Formula 1 looks set to return to Kyalami Grand Prix Circuit

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Lewis Hamilton defied the odds to win the Brazilian Grand Prix in Sao Paulo on Sunday Photo: Buda Mendes / Getty Images
Lewis Hamilton defied the odds to win the Brazilian Grand Prix in Sao Paulo on Sunday Photo: Buda Mendes / Getty Images


Formula 1 is seemingly on the brink of welcoming back the South African Grand Prix on its calendar as early as next year.

If all goes well, the event will be staged at the Kyalami Grand Prix Circuit in Johannesburg, which last hosted Formula 1 machinery back in 1993, after it played host to 21 races.

As a part of F1’s push to race on all continents – to truly give the championship its “world championship” status – talks have been continuing regarding a return to South Africa for some time.

READ: Excitement builds around F1's possible move to SA as Kyalami plots compliancy upgrade

F1 chief executive Stefano Domenicali previously travelled to the country to meet Kyalami officials in a bid to seal the deal.

An announcement of the South African Grand Prix would ensure that the F1 reaches its 24-race limit, putting the likes of Belgium and France at risk of being axed from the calendar.

Seven-time world champion Lewis Hamilton has been pining for a return to the continent.

The [thing] that is most important for me is to get a race back in South Africa. It’s a place that I really feel is dear to my heart. There is a great following out there and I think it would be great to be able to highlight just how beautiful the motherland is.

Since Liberty Media took control of the championship five years ago, it has been the company’s ambition to extend the championship to Africa, while also adding further races in both America and Asia.

Domenicali told journalists in March: 

On top of America, on top of China, I think there is a potential also to be in Africa very soon.

In previous months, there have been mixed reactions from locals to the imminent return of an F1 weekend.

Many were doubtful on all sorts of grounds, including the cost and the country’s ability to host such a large event, as well as infrastructure and security.

The noise being made thus far should keep a smile on South Africans’ faces, though, as most of it suggests that a return of the sport is likely to have a profoundly positive effect on the country.

The F1 comes with huge financial backing that South Africans can take advantage of.

The sport has 506 million fans around the globe, with an average race attendance of more than 200 000, creating multiple cultural and economic benefits for any host country.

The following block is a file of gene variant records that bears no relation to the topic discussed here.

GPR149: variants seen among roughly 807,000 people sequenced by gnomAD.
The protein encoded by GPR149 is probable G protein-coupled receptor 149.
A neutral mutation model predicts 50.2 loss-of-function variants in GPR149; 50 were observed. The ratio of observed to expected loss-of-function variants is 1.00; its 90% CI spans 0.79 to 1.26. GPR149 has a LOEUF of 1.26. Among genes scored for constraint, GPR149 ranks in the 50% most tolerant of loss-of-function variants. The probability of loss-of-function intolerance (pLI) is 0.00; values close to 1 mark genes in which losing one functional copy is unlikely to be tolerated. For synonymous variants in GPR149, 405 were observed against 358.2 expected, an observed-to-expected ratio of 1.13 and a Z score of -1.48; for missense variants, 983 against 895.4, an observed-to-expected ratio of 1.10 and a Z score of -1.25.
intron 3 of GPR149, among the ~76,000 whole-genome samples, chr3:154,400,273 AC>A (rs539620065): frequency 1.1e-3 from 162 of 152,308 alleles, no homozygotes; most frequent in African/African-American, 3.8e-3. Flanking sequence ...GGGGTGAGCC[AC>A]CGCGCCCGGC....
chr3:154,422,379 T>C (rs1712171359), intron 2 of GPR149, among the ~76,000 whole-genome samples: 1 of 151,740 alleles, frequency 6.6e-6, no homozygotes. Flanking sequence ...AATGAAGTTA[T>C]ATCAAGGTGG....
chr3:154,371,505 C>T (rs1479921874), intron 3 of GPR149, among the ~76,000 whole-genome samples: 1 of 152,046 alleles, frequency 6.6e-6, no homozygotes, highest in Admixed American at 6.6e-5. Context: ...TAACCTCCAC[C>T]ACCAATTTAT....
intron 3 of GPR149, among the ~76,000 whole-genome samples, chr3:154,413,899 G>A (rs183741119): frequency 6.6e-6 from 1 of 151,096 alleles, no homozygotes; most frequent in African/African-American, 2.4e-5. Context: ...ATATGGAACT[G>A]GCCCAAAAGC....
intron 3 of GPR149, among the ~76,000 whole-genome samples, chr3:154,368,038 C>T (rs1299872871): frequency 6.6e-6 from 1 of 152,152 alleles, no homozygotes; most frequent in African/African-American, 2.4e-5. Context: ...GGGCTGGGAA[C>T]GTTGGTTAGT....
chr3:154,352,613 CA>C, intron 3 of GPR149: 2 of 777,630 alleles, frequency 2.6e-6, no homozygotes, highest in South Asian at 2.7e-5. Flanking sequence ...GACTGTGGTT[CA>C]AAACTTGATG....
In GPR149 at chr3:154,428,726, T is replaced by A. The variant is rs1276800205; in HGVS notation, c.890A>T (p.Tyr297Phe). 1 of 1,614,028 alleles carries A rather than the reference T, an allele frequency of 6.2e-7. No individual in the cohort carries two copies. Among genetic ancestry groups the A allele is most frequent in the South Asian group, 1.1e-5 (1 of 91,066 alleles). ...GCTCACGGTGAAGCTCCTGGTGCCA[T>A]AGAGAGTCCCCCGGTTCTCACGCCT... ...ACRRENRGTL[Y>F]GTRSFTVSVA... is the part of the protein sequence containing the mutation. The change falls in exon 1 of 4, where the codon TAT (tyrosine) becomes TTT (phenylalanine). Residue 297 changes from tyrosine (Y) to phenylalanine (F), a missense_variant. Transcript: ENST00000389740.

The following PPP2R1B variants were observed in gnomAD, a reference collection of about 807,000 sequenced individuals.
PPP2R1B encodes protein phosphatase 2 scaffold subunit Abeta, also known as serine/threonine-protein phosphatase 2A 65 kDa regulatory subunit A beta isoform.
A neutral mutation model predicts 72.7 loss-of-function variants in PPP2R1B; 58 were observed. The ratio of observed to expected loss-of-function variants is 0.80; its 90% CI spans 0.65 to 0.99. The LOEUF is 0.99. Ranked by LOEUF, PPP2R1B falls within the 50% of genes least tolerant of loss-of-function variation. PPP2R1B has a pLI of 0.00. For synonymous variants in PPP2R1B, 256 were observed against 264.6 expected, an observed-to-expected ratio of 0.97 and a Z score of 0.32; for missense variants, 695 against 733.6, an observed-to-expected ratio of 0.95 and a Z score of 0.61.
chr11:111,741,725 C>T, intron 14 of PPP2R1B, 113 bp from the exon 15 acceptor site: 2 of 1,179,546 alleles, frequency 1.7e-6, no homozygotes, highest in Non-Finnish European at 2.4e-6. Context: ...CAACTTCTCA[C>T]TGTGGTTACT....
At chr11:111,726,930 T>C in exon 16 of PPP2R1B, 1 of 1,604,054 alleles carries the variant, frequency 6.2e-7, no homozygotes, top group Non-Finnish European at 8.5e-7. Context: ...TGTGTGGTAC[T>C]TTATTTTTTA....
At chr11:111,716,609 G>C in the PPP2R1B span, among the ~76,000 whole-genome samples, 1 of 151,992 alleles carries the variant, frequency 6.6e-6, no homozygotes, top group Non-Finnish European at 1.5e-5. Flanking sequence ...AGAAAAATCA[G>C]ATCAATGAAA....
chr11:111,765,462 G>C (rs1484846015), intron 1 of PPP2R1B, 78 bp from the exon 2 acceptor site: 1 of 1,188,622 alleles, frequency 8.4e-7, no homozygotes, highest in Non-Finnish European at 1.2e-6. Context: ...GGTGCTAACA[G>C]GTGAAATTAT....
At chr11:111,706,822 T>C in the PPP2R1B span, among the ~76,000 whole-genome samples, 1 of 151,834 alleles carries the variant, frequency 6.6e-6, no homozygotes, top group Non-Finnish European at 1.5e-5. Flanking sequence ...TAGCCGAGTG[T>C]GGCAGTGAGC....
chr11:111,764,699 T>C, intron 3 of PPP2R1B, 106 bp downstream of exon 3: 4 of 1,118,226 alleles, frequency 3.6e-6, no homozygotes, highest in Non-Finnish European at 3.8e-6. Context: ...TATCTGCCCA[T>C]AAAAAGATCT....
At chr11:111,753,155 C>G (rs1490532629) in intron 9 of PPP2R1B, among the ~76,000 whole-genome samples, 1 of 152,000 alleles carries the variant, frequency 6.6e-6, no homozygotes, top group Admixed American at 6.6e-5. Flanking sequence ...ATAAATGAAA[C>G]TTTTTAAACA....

READ: SA MotoGP ace Brad Binder backs Kyalami for Formula 1 return

Its return to South Africa will positively affect local and national tourism, as well as global visibility, enhanced economic activity and job creation.

The real economic firepower that the F1 possesses was made clear in the Azerbaijan Grand Prix, which saw a $277.3 million (R4.7 billion) increase in economic value in 2016 and 2017 combined.

On average, it costs about $40 million a year to host an F1 race, without any track maintenance expenses, which are normally a long-term multiyear deal.

And while the event may not make all of its money back solely from the F1, feeder series and other race categories may use the venue throughout the year, which normally balances the books annually.

While the track organisers may struggle to make much of a profit, the sheer amount of money poured into South Africa will be astronomical, making the F1 one of the world’s most powerful tourism adverts.

The Kyalami circuit does require an upgrade to make International Automobile Federation Grade 1 status, though, mainly due to a few safety concerns for the high-speed cars.

Government should supply help, if needed, to the organisers to sustain the track and the event.

It is a happy and proud moment for South Africans to see the sport return, as the country has been starved of action since Alain Prost’s win in 1993.

The 33% increase in F1 fans in the past two years should make for many a new local fan’s special moment when they experience their first race in Kyalami.

It seems like only a matter of time before we can say the F1 has returned to South Africa, at long last!

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